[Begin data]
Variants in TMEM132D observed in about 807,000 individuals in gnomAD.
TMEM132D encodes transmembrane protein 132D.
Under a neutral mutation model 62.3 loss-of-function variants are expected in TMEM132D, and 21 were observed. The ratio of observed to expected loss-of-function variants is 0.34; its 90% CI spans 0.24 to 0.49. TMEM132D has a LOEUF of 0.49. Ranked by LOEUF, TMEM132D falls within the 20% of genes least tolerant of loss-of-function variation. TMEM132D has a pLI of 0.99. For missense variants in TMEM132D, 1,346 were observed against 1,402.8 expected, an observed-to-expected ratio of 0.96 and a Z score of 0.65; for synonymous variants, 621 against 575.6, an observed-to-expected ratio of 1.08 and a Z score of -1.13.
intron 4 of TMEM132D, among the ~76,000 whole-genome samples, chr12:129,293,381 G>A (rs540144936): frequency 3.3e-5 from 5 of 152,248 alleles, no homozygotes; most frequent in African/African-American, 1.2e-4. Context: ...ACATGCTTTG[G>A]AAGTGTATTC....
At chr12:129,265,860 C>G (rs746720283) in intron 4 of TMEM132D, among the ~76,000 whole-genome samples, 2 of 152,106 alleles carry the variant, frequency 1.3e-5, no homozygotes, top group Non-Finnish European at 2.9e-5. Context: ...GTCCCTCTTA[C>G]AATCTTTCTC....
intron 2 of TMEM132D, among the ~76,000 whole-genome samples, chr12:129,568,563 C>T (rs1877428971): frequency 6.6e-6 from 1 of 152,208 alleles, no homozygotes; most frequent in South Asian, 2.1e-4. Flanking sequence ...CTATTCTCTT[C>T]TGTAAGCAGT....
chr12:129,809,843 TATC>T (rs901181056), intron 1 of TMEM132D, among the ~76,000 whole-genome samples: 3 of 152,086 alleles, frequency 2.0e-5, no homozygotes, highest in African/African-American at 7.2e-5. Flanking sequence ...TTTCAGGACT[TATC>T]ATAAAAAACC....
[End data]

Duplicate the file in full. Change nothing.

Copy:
Variants in TMEM132D observed in about 807,000 individuals in gnomAD.
TMEM132D encodes transmembrane protein 132D.
Under a neutral mutation model 62.3 loss-of-function variants are expected in TMEM132D, and 21 were observed. The ratio of observed to expected loss-of-function variants is 0.34; its 90% CI spans 0.24 to 0.49. TMEM132D has a LOEUF of 0.49. Ranked by LOEUF, TMEM132D falls within the 20% of genes least tolerant of loss-of-function variation. TMEM132D has a pLI of 0.99. For missense variants in TMEM132D, 1,346 were observed against 1,402.8 expected, an observed-to-expected ratio of 0.96 and a Z score of 0.65; for synonymous variants, 621 against 575.6, an observed-to-expected ratio of 1.08 and a Z score of -1.13.
intron 4 of TMEM132D, among the ~76,000 whole-genome samples, chr12:129,293,381 G>A (rs540144936): frequency 3.3e-5 from 5 of 152,248 alleles, no homozygotes; most frequent in African/African-American, 1.2e-4. Context: ...ACATGCTTTG[G>A]AAGTGTATTC....
At chr12:129,265,860 C>G (rs746720283) in intron 4 of TMEM132D, among the ~76,000 whole-genome samples, 2 of 152,106 alleles carry the variant, frequency 1.3e-5, no homozygotes, top group Non-Finnish European at 2.9e-5. Context: ...GTCCCTCTTA[C>G]AATCTTTCTC....
intron 2 of TMEM132D, among the ~76,000 whole-genome samples, chr12:129,568,563 C>T (rs1877428971): frequency 6.6e-6 from 1 of 152,208 alleles, no homozygotes; most frequent in South Asian, 2.1e-4. Flanking sequence ...CTATTCTCTT[C>T]TGTAAGCAGT....
chr12:129,809,843 TATC>T (rs901181056), intron 1 of TMEM132D, among the ~76,000 whole-genome samples: 3 of 152,086 alleles, frequency 2.0e-5, no homozygotes, highest in African/African-American at 7.2e-5. Flanking sequence ...TTTCAGGACT[TATC>T]ATAAAAAACC....